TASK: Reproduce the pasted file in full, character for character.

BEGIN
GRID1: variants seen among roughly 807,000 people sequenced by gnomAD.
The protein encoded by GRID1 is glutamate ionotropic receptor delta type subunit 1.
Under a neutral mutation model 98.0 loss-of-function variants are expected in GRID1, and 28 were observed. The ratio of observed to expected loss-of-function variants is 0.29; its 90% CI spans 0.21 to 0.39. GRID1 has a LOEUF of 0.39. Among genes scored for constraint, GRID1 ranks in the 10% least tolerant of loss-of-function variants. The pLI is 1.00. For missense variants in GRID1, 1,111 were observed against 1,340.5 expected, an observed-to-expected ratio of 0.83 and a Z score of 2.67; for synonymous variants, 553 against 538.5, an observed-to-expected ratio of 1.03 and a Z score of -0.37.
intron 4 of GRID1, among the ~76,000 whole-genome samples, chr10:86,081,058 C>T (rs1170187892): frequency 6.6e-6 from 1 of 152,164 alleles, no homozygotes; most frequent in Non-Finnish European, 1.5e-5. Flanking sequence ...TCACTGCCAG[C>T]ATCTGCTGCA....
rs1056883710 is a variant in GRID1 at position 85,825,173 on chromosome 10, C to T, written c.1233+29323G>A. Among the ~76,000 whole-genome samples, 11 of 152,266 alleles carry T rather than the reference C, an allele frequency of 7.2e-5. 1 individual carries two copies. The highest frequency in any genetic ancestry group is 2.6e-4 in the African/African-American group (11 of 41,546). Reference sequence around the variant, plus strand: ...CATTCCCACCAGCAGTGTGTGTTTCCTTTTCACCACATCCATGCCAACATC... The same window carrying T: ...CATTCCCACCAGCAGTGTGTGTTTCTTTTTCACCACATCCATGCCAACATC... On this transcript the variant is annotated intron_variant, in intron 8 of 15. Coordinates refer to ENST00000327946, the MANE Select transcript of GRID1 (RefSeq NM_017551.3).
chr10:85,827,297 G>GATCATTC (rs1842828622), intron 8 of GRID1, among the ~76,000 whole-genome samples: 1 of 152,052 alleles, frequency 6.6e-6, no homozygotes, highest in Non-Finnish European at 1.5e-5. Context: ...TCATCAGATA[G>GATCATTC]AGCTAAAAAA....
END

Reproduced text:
GRID1: variants seen among roughly 807,000 people sequenced by gnomAD.
The protein encoded by GRID1 is glutamate ionotropic receptor delta type subunit 1.
Under a neutral mutation model 98.0 loss-of-function variants are expected in GRID1, and 28 were observed. The ratio of observed to expected loss-of-function variants is 0.29; its 90% CI spans 0.21 to 0.39. GRID1 has a LOEUF of 0.39. Among genes scored for constraint, GRID1 ranks in the 10% least tolerant of loss-of-function variants. The pLI is 1.00. For missense variants in GRID1, 1,111 were observed against 1,340.5 expected, an observed-to-expected ratio of 0.83 and a Z score of 2.67; for synonymous variants, 553 against 538.5, an observed-to-expected ratio of 1.03 and a Z score of -0.37.
intron 4 of GRID1, among the ~76,000 whole-genome samples, chr10:86,081,058 C>T (rs1170187892): frequency 6.6e-6 from 1 of 152,164 alleles, no homozygotes; most frequent in Non-Finnish European, 1.5e-5. Flanking sequence ...TCACTGCCAG[C>T]ATCTGCTGCA....
rs1056883710 is a variant in GRID1 at position 85,825,173 on chromosome 10, C to T, written c.1233+29323G>A. Among the ~76,000 whole-genome samples, 11 of 152,266 alleles carry T rather than the reference C, an allele frequency of 7.2e-5. 1 individual carries two copies. The highest frequency in any genetic ancestry group is 2.6e-4 in the African/African-American group (11 of 41,546). Reference sequence around the variant, plus strand: ...CATTCCCACCAGCAGTGTGTGTTTCCTTTTCACCACATCCATGCCAACATC... The same window carrying T: ...CATTCCCACCAGCAGTGTGTGTTTCTTTTTCACCACATCCATGCCAACATC... On this transcript the variant is annotated intron_variant, in intron 8 of 15. Coordinates refer to ENST00000327946, the MANE Select transcript of GRID1 (RefSeq NM_017551.3).
chr10:85,827,297 G>GATCATTC (rs1842828622), intron 8 of GRID1, among the ~76,000 whole-genome samples: 1 of 152,052 alleles, frequency 6.6e-6, no homozygotes, highest in Non-Finnish European at 1.5e-5. Context: ...TCATCAGATA[G>GATCATTC]AGCTAAAAAA....